Avoiding Distractions by Setting Alarms:
If you find it difficult to stick to times, set an alarm. Alarms aren’t just for waking up, they can even be set for getting ready for bed. It’s so easy to get sidetracked when you are in the middle of an activity, but an alarm remembers for you. Never again do you have to be late for a meeting somewhere, or for anything else for that matter. Alarms are great for when you are cooking or for any other deadlines during the day. I greatly advise that you make use of them.
Plan Your Time in Blocks:
Much like my example, I advise anyone with a busy schedule to schedule their time in blocks. Many activities you can plan out in a time frame of 1/4, 1/2, or hour increments. A Block system helps break it down and keep it simple.
I have created a few different systems that are free to download and use:
Weekly Schedule Form (A more simple weekly block system)
Weekly Schedule Form Extended (Another weekly schedule form that lets you add notes)
Daily Schedule Form (A Daily schedule form, for when a weekly one isn’t detailed enough)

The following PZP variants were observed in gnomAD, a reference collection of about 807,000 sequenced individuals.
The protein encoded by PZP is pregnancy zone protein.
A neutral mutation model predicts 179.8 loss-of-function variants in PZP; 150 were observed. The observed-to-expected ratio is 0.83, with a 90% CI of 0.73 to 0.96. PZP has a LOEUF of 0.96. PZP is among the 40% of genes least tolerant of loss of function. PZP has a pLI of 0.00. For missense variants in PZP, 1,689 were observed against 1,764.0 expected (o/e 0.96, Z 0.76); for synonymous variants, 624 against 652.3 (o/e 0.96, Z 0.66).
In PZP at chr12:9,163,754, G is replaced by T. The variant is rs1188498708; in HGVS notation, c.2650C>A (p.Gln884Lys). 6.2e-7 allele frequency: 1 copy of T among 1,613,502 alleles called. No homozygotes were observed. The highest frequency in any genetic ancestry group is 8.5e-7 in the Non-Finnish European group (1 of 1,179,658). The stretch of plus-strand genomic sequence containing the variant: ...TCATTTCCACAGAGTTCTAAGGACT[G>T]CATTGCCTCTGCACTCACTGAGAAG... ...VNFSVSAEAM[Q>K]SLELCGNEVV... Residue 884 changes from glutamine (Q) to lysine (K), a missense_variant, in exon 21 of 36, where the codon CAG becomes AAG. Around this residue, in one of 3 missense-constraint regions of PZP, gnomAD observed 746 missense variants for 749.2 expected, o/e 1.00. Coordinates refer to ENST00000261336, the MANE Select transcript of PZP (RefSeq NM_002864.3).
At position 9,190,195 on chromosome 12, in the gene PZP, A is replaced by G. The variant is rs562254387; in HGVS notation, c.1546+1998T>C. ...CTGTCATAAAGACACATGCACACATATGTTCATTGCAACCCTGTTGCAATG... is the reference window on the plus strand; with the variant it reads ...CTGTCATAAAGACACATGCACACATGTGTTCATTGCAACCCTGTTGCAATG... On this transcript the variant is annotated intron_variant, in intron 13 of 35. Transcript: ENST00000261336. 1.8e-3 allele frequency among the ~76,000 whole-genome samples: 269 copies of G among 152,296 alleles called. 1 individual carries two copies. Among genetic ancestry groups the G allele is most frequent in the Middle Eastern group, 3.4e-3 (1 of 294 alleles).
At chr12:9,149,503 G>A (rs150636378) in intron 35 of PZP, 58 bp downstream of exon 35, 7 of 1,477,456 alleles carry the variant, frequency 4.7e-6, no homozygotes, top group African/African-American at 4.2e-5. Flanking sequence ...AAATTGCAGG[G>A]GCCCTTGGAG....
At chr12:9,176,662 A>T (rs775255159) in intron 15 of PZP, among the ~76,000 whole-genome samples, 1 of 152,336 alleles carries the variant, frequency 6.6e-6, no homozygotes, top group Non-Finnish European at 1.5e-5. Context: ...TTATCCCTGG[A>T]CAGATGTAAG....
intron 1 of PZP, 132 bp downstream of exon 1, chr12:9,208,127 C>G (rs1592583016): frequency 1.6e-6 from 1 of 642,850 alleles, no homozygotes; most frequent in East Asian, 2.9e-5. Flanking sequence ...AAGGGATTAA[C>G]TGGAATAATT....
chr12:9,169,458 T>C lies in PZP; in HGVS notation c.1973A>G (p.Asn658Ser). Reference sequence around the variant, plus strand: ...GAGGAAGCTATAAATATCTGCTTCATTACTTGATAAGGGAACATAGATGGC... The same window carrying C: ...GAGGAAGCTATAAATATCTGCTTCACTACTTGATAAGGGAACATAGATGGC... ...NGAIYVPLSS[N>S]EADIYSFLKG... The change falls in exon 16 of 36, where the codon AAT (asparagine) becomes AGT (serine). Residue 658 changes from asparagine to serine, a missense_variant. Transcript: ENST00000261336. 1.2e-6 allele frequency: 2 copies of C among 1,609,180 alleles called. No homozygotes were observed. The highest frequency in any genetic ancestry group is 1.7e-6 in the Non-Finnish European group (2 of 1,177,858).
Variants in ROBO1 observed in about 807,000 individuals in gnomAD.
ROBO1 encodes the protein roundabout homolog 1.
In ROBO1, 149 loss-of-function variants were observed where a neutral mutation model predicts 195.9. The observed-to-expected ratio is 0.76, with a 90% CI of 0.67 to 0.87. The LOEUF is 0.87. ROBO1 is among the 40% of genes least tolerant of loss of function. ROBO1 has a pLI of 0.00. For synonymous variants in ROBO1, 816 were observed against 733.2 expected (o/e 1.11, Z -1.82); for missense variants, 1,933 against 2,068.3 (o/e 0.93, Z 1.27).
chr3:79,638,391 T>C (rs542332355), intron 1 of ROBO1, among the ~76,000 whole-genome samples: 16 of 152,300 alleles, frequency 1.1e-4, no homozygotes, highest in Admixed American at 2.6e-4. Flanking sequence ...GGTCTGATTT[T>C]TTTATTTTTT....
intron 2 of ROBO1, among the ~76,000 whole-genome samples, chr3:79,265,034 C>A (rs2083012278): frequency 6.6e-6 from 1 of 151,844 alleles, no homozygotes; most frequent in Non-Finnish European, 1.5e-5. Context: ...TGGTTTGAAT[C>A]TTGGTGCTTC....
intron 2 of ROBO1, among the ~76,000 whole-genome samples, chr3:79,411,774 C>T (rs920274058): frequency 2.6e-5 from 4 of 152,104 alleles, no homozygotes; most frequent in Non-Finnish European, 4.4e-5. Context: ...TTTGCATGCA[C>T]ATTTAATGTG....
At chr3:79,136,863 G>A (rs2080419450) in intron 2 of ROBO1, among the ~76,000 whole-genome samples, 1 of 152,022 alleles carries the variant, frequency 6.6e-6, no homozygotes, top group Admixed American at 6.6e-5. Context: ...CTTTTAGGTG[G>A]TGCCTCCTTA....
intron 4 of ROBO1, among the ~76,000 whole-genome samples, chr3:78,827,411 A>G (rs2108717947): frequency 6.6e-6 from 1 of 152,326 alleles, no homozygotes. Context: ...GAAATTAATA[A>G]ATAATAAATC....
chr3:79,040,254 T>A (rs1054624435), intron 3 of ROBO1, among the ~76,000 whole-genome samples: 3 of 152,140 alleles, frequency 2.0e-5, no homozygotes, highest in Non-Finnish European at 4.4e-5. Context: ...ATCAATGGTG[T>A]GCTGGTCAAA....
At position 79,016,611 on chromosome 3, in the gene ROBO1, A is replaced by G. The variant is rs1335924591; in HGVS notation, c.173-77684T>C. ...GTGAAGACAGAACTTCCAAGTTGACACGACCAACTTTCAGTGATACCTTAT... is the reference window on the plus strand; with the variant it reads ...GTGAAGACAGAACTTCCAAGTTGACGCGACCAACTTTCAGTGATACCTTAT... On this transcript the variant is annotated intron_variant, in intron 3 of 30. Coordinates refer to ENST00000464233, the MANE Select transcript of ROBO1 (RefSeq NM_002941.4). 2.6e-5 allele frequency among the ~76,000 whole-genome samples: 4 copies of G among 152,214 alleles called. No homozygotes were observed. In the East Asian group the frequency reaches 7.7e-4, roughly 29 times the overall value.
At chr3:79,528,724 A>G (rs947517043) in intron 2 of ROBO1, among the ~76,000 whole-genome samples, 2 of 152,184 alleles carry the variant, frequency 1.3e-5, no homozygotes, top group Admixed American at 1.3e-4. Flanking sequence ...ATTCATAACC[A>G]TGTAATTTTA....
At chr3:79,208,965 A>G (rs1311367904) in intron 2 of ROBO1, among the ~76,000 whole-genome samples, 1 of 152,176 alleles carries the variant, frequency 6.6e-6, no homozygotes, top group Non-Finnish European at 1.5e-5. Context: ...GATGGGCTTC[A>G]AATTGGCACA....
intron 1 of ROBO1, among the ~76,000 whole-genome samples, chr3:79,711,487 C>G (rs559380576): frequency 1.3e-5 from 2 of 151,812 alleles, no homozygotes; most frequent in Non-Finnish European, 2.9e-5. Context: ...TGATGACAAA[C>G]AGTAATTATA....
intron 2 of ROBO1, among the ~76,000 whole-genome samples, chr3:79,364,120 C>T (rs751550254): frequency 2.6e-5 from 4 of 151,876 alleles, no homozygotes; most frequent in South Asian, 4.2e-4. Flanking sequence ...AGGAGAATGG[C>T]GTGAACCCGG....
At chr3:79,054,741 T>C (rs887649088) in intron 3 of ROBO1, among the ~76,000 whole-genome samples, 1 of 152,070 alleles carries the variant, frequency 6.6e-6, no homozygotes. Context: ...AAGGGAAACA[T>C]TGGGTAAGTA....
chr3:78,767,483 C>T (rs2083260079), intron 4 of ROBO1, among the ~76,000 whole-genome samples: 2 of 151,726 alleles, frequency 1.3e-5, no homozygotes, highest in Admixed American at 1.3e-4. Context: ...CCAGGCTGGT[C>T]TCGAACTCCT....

–FOR PERSONAL USE ONLY, NOT FOR RESALE OR DISTRIBUTION-
These should help with your goal planning for the week and keeping your schedule in order. I also advise keeping a monthly/yearly planner. For the past 5 years I have used this type of monthly/yearly planner from Blue Sky. I still haven’t found one I prefer more.
Anyway, hope this all helps. If you still feel like you need a little more guidance on this topic, you might benefit from reading, Time Management From the Inside Out. It’s some of the best information I know of on this topic. It helps to break down the process in an easy way that can help you organize your life, and time.